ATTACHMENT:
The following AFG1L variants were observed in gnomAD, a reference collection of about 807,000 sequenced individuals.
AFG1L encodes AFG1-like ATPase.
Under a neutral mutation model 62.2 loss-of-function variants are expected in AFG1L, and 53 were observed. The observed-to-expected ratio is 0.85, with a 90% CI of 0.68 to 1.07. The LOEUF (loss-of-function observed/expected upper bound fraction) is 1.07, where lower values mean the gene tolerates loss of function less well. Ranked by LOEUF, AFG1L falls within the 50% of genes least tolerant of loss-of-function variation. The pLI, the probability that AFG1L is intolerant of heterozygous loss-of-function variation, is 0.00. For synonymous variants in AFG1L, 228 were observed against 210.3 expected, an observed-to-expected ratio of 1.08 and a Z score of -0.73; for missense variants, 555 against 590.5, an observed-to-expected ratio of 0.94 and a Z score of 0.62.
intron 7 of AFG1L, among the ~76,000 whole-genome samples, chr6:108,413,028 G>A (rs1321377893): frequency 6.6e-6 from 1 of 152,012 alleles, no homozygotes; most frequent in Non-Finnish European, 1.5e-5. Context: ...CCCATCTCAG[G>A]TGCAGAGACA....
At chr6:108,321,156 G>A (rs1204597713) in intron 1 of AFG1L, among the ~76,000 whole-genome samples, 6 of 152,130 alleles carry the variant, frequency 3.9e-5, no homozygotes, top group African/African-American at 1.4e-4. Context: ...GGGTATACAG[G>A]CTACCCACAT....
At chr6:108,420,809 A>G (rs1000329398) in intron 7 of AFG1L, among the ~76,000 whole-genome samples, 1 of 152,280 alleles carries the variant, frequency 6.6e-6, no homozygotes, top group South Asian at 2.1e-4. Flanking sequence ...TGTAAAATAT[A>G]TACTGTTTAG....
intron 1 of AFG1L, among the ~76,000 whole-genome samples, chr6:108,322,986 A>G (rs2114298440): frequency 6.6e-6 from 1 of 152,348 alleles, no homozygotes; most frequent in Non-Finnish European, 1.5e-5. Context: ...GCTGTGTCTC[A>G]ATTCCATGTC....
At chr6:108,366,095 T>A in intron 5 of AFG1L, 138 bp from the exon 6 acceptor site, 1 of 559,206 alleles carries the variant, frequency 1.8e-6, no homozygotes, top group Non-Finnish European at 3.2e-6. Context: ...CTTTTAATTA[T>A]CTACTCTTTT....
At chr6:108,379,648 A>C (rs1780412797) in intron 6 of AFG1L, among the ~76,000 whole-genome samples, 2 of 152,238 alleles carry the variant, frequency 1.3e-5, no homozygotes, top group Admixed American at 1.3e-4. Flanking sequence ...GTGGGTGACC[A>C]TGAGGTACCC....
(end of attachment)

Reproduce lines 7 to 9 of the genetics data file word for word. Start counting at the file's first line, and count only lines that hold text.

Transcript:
intron 1 of AFG1L, among the ~76,000 whole-genome samples, chr6:108,322,986 A>G (rs2114298440): frequency 6.6e-6 from 1 of 152,348 alleles, no homozygotes; most frequent in Non-Finnish European, 1.5e-5. Context: ...GCTGTGTCTC[A>G]ATTCCATGTC....
At chr6:108,366,095 T>A in intron 5 of AFG1L, 138 bp from the exon 6 acceptor site, 1 of 559,206 alleles carries the variant, frequency 1.8e-6, no homozygotes, top group Non-Finnish European at 3.2e-6. Context: ...CTTTTAATTA[T>A]CTACTCTTTT....
At chr6:108,379,648 A>C (rs1780412797) in intron 6 of AFG1L, among the ~76,000 whole-genome samples, 2 of 152,238 alleles carry the variant, frequency 1.3e-5, no homozygotes, top group Admixed American at 1.3e-4. Flanking sequence ...GTGGGTGACC[A>C]TGAGGTACCC....